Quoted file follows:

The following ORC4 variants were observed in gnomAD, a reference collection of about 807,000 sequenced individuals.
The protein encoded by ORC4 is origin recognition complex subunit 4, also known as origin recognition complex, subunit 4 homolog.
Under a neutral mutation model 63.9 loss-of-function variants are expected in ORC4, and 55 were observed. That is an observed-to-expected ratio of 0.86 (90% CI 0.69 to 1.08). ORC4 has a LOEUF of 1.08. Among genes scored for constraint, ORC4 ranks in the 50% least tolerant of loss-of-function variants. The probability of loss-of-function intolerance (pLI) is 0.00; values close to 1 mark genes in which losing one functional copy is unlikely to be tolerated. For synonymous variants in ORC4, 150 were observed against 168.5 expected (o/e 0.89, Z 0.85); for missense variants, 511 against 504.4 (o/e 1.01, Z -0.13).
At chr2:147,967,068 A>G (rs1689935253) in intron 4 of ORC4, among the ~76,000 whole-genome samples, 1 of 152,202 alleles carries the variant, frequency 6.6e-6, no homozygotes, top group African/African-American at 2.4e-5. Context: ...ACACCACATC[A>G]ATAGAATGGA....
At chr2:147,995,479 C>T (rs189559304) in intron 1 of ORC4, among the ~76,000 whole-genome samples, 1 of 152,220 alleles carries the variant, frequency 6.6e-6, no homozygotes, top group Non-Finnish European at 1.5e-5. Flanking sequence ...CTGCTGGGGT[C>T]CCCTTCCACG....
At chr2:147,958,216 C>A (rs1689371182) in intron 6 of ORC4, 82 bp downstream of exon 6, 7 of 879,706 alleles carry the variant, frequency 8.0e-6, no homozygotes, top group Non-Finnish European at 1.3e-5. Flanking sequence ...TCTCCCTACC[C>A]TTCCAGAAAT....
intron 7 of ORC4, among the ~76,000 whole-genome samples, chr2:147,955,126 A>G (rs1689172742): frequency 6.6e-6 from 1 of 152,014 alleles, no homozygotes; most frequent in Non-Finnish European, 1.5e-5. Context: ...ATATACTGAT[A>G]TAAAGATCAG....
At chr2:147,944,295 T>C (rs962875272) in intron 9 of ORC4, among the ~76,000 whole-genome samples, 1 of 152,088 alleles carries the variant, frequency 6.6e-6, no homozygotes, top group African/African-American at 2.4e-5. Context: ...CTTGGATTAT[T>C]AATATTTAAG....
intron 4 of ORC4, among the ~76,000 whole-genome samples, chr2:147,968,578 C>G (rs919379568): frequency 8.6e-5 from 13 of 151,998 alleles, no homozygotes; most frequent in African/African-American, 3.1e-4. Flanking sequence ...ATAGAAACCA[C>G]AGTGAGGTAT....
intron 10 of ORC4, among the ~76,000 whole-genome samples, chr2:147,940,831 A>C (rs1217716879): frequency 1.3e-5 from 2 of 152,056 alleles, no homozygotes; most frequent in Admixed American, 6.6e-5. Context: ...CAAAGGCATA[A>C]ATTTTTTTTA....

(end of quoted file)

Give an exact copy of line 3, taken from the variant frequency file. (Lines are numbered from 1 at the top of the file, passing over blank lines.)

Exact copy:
Under a neutral mutation model 63.9 loss-of-function variants are expected in ORC4, and 55 were observed. That is an observed-to-expected ratio of 0.86 (90% CI 0.69 to 1.08). ORC4 has a LOEUF of 1.08. Among genes scored for constraint, ORC4 ranks in the 50% least tolerant of loss-of-function variants. The probability of loss-of-function intolerance (pLI) is 0.00; values close to 1 mark genes in which losing one functional copy is unlikely to be tolerated. For synonymous variants in ORC4, 150 were observed against 168.5 expected (o/e 0.89, Z 0.85); for missense variants, 511 against 504.4 (o/e 1.01, Z -0.13).